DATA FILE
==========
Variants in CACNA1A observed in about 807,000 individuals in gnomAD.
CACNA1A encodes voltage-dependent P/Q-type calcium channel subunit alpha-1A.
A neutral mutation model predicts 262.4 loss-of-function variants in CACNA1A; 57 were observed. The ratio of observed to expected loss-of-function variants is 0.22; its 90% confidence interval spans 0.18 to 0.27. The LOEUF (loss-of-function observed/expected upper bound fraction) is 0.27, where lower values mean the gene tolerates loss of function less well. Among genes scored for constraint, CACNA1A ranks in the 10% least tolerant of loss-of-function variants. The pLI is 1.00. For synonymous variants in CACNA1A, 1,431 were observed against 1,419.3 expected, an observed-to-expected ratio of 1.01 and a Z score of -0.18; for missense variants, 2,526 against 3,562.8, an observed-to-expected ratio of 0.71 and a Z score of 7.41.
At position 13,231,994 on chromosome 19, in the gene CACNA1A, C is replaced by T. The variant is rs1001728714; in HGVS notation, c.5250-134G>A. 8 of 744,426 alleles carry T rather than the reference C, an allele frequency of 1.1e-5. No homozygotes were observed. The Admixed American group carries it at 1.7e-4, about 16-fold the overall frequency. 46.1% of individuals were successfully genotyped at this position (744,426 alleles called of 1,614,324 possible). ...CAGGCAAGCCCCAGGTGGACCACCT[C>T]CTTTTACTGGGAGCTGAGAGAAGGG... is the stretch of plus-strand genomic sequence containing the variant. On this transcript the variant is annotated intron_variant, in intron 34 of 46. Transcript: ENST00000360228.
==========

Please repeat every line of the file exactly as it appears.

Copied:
Variants in CACNA1A observed in about 807,000 individuals in gnomAD.
CACNA1A encodes voltage-dependent P/Q-type calcium channel subunit alpha-1A.
A neutral mutation model predicts 262.4 loss-of-function variants in CACNA1A; 57 were observed. The ratio of observed to expected loss-of-function variants is 0.22; its 90% confidence interval spans 0.18 to 0.27. The LOEUF (loss-of-function observed/expected upper bound fraction) is 0.27, where lower values mean the gene tolerates loss of function less well. Among genes scored for constraint, CACNA1A ranks in the 10% least tolerant of loss-of-function variants. The pLI is 1.00. For synonymous variants in CACNA1A, 1,431 were observed against 1,419.3 expected, an observed-to-expected ratio of 1.01 and a Z score of -0.18; for missense variants, 2,526 against 3,562.8, an observed-to-expected ratio of 0.71 and a Z score of 7.41.
At position 13,231,994 on chromosome 19, in the gene CACNA1A, C is replaced by T. The variant is rs1001728714; in HGVS notation, c.5250-134G>A. 8 of 744,426 alleles carry T rather than the reference C, an allele frequency of 1.1e-5. No homozygotes were observed. The Admixed American group carries it at 1.7e-4, about 16-fold the overall frequency. 46.1% of individuals were successfully genotyped at this position (744,426 alleles called of 1,614,324 possible). ...CAGGCAAGCCCCAGGTGGACCACCT[C>T]CTTTTACTGGGAGCTGAGAGAAGGG... is the stretch of plus-strand genomic sequence containing the variant. On this transcript the variant is annotated intron_variant, in intron 34 of 46. Transcript: ENST00000360228.